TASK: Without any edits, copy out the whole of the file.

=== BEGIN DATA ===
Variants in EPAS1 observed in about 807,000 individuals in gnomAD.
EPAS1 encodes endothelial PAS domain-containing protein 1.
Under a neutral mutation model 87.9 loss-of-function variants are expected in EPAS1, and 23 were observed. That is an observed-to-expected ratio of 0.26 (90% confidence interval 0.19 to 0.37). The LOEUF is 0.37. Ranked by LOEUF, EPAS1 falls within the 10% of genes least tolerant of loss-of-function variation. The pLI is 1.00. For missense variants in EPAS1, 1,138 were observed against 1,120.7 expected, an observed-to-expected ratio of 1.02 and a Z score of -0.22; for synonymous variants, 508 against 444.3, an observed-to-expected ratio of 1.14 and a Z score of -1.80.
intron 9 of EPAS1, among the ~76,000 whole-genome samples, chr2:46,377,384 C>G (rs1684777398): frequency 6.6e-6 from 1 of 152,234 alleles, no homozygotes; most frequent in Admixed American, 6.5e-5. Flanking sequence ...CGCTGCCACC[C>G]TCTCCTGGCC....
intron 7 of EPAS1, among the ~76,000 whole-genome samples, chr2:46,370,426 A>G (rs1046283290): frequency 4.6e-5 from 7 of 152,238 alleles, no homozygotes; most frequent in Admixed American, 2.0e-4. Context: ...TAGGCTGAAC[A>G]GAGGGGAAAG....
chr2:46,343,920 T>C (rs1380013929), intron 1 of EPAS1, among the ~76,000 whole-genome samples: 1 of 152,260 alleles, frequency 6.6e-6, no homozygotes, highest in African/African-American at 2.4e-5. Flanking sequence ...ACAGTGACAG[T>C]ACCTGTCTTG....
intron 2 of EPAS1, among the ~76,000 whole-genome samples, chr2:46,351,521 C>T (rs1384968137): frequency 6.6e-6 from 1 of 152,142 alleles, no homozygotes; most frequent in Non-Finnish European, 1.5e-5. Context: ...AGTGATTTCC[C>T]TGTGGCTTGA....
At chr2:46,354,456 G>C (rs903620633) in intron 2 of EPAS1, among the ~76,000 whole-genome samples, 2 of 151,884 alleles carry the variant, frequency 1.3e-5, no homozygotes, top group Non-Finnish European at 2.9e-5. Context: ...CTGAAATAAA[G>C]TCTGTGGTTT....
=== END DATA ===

Variants in EPAS1 observed in about 807,000 individuals in gnomAD.
EPAS1 encodes endothelial PAS domain-containing protein 1.
Under a neutral mutation model 87.9 loss-of-function variants are expected in EPAS1, and 23 were observed. That is an observed-to-expected ratio of 0.26 (90% confidence interval 0.19 to 0.37). The LOEUF is 0.37. Ranked by LOEUF, EPAS1 falls within the 10% of genes least tolerant of loss-of-function variation. The pLI is 1.00. For missense variants in EPAS1, 1,138 were observed against 1,120.7 expected, an observed-to-expected ratio of 1.02 and a Z score of -0.22; for synonymous variants, 508 against 444.3, an observed-to-expected ratio of 1.14 and a Z score of -1.80.
intron 9 of EPAS1, among the ~76,000 whole-genome samples, chr2:46,377,384 C>G (rs1684777398): frequency 6.6e-6 from 1 of 152,234 alleles, no homozygotes; most frequent in Admixed American, 6.5e-5. Flanking sequence ...CGCTGCCACC[C>G]TCTCCTGGCC....
intron 7 of EPAS1, among the ~76,000 whole-genome samples, chr2:46,370,426 A>G (rs1046283290): frequency 4.6e-5 from 7 of 152,238 alleles, no homozygotes; most frequent in Admixed American, 2.0e-4. Context: ...TAGGCTGAAC[A>G]GAGGGGAAAG....
chr2:46,343,920 T>C (rs1380013929), intron 1 of EPAS1, among the ~76,000 whole-genome samples: 1 of 152,260 alleles, frequency 6.6e-6, no homozygotes, highest in African/African-American at 2.4e-5. Flanking sequence ...ACAGTGACAG[T>C]ACCTGTCTTG....
intron 2 of EPAS1, among the ~76,000 whole-genome samples, chr2:46,351,521 C>T (rs1384968137): frequency 6.6e-6 from 1 of 152,142 alleles, no homozygotes; most frequent in Non-Finnish European, 1.5e-5. Context: ...AGTGATTTCC[C>T]TGTGGCTTGA....
At chr2:46,354,456 G>C (rs903620633) in intron 2 of EPAS1, among the ~76,000 whole-genome samples, 2 of 151,884 alleles carry the variant, frequency 1.3e-5, no homozygotes, top group Non-Finnish European at 2.9e-5. Context: ...CTGAAATAAA[G>C]TCTGTGGTTT....